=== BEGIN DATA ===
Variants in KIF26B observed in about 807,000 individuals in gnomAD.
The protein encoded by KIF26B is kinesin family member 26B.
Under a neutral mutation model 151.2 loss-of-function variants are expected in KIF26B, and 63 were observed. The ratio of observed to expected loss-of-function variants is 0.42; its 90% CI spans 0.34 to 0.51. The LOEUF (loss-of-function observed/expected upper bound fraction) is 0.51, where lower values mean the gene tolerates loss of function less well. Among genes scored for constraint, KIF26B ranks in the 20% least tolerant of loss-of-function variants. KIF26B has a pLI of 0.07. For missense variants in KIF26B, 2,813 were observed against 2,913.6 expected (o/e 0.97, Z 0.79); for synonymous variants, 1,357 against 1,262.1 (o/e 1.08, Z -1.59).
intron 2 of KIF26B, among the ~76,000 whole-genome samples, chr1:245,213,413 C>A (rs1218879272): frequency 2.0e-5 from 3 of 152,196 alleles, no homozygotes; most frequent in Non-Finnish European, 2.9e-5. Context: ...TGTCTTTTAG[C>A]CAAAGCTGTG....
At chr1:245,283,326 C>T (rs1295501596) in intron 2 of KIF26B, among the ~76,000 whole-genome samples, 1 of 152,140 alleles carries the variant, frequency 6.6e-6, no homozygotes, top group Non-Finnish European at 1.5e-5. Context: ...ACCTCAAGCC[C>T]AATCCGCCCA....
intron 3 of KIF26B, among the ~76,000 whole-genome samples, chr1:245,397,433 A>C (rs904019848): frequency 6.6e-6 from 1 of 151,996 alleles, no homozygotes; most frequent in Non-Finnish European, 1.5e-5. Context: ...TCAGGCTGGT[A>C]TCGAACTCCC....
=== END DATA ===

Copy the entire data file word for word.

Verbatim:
Variants in KIF26B observed in about 807,000 individuals in gnomAD.
The protein encoded by KIF26B is kinesin family member 26B.
Under a neutral mutation model 151.2 loss-of-function variants are expected in KIF26B, and 63 were observed. The ratio of observed to expected loss-of-function variants is 0.42; its 90% CI spans 0.34 to 0.51. The LOEUF (loss-of-function observed/expected upper bound fraction) is 0.51, where lower values mean the gene tolerates loss of function less well. Among genes scored for constraint, KIF26B ranks in the 20% least tolerant of loss-of-function variants. KIF26B has a pLI of 0.07. For missense variants in KIF26B, 2,813 were observed against 2,913.6 expected (o/e 0.97, Z 0.79); for synonymous variants, 1,357 against 1,262.1 (o/e 1.08, Z -1.59).
intron 2 of KIF26B, among the ~76,000 whole-genome samples, chr1:245,213,413 C>A (rs1218879272): frequency 2.0e-5 from 3 of 152,196 alleles, no homozygotes; most frequent in Non-Finnish European, 2.9e-5. Context: ...TGTCTTTTAG[C>A]CAAAGCTGTG....
At chr1:245,283,326 C>T (rs1295501596) in intron 2 of KIF26B, among the ~76,000 whole-genome samples, 1 of 152,140 alleles carries the variant, frequency 6.6e-6, no homozygotes, top group Non-Finnish European at 1.5e-5. Context: ...ACCTCAAGCC[C>T]AATCCGCCCA....
intron 3 of KIF26B, among the ~76,000 whole-genome samples, chr1:245,397,433 A>C (rs904019848): frequency 6.6e-6 from 1 of 151,996 alleles, no homozygotes; most frequent in Non-Finnish European, 1.5e-5. Context: ...TCAGGCTGGT[A>C]TCGAACTCCC....